ADCs and Patient Safety

A pharmacy director’s responsibilities don’t stop with the accurate dispensing of critical medicines to support treatment plans. They play a key role in promoting patient safety by working to prevent medication errors. One of the ways they accomplish this is through the effective use of automated dispensing cabinets (ADCs). Automated medication dispensing can reduce medication errors, heighten medication security and diversion prevention, improve medication tracking and regulatory compliance, and improve quality of care.

Role in Patient Safety
A well-designed ADC can create a better workflow for nurses who are administering medications on the floor while keeping the medications secure. Automated dispensing and labeling of those medications saves valuable time and reduces medication errors. With a greater regulatory focus on transparency in hospital operations (for safety and for reimbursement) and accuracy in medication labeling, using an ADC also supports your hospital’s compliance measures.

To maximize your investment in ADCs, look for the following features which are proven to reduce medication errors and streamline workflow:
• Confirmation that the right medication is loaded into the right location in the ADC. ADCs allow pharmacy technicians and nurses to scan medications for restocks/returns/and even issues, reducing the risk of a medication being incorrectly stocked.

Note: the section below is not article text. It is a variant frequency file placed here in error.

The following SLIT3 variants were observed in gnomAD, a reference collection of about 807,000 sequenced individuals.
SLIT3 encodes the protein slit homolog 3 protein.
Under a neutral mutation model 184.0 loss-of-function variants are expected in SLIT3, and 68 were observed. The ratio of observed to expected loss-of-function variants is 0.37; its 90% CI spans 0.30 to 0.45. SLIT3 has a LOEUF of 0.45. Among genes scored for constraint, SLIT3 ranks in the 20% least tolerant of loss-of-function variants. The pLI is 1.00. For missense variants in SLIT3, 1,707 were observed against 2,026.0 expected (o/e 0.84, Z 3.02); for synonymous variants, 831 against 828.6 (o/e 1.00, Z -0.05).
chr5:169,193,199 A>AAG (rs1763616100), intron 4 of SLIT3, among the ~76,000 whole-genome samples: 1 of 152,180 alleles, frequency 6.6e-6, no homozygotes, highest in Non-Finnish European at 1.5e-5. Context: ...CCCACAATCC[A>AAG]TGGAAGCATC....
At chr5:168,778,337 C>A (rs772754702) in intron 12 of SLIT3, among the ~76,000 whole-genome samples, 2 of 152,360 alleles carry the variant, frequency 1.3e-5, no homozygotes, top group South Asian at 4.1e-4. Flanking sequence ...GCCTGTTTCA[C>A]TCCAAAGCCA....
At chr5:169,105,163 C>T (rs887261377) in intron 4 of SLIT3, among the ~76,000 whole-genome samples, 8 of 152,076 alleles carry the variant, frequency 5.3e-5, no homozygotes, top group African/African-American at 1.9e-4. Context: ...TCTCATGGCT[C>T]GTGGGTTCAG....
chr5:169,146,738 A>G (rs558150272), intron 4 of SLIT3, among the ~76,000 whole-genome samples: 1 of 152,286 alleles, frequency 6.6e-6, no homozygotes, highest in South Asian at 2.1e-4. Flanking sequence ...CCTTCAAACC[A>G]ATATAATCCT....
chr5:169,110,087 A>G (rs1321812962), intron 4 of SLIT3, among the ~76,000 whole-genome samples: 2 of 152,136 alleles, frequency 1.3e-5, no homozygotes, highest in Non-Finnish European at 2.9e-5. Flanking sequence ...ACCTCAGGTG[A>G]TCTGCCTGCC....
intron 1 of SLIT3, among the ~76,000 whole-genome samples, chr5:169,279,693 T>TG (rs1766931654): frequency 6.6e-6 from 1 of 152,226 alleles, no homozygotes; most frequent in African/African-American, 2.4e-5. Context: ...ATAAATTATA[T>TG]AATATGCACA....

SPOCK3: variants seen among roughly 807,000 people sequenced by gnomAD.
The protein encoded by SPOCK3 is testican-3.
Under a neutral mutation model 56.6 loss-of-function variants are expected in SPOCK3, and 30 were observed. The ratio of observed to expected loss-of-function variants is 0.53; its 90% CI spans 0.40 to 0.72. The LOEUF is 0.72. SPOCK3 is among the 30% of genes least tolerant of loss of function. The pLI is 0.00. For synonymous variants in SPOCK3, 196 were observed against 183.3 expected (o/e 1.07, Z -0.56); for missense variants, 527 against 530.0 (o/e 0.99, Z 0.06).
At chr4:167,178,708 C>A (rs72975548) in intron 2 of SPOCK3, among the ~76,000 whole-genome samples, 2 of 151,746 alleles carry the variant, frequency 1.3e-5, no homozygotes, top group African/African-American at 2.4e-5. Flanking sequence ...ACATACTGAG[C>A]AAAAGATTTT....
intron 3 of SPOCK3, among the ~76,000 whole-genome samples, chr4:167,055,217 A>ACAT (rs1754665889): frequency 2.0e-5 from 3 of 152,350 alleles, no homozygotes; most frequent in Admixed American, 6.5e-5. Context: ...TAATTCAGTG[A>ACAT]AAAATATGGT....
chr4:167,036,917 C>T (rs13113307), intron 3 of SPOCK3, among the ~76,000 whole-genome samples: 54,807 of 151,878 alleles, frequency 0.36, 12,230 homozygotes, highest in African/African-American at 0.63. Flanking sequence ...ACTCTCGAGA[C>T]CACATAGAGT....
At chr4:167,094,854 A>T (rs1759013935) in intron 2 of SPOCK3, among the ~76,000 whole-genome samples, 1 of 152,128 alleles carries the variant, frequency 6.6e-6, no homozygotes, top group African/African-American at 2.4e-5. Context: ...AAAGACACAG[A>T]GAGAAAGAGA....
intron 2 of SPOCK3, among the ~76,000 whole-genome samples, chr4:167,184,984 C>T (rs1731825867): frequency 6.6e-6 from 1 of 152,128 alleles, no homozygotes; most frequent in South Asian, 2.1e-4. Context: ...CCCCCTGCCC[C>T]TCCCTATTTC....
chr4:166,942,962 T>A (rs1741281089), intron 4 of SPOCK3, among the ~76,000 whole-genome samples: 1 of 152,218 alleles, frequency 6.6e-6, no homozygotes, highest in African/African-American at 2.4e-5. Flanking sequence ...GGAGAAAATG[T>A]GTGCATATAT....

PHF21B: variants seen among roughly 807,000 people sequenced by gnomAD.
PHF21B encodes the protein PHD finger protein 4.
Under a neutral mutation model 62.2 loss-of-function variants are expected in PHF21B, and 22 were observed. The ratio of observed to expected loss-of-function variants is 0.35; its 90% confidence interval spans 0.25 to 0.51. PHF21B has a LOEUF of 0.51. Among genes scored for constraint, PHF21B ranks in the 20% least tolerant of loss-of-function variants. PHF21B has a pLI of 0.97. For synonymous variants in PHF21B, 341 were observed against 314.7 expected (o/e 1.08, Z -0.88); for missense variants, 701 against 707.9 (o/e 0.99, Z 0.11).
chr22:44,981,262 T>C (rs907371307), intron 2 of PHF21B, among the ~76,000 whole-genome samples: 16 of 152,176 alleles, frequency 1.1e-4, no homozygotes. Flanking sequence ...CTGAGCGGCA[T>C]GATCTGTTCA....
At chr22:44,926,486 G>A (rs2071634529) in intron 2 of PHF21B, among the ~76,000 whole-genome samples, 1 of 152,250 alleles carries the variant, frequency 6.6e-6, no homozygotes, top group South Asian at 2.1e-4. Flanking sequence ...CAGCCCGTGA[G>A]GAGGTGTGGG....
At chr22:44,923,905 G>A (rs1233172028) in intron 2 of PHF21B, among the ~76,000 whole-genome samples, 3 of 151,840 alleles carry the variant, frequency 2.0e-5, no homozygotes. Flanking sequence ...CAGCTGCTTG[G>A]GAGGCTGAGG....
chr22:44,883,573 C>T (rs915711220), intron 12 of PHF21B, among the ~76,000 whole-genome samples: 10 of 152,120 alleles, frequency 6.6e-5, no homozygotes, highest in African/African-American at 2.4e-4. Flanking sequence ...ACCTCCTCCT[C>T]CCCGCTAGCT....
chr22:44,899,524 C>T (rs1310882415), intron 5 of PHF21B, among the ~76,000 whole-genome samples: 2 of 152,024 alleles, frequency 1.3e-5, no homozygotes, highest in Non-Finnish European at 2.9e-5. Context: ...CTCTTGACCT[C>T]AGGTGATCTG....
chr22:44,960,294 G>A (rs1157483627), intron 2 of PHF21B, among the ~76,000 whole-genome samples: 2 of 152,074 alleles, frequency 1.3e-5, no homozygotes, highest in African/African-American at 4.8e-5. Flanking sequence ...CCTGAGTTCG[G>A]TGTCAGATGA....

• An integrated medication label printer that reduces the need for nurses to hand-write labels, and increases accuracy and safety. Automated labels contain patient information, medication description, dosing, time and date, and can also include the medication bar code for BCMA. The label ensures that the medications are identified during transport, reducing the likelihood of a non-labeled medication mix-up during the administration process.
• A profiling mode which ensures that medications are removed only when a medication order has been approved by the pharmacist. This provides the confidence that the order has been reviewed by the pharmacy for duplicate therapy or allergy issues.
• Management of an approved medication override list in a “profiled area” where a medication override may occur at the ADC.
• Tracking, and subsequent removal, of expired inventory.
• The use of remote medication management software, such as Anywhere RN™ from Omnicell, that allows nurses to manage medications in areas where they are less likely to be interrupted, removing a main cause of medication mistakes.
• Built-in dispensing alerts for high-risk or recovery medications, calling attention to these events to the appropriate clinical staff.

In the healthcare industry, you can’t over-emphasize the importance of patient safety and technologies that further that goal. Effective utilization of ADCs is a key component in driving down medication errors, and increasing cost efficiencies.
Please share your views on which features of your ADCs you find most valuable in maximizing patient safety.

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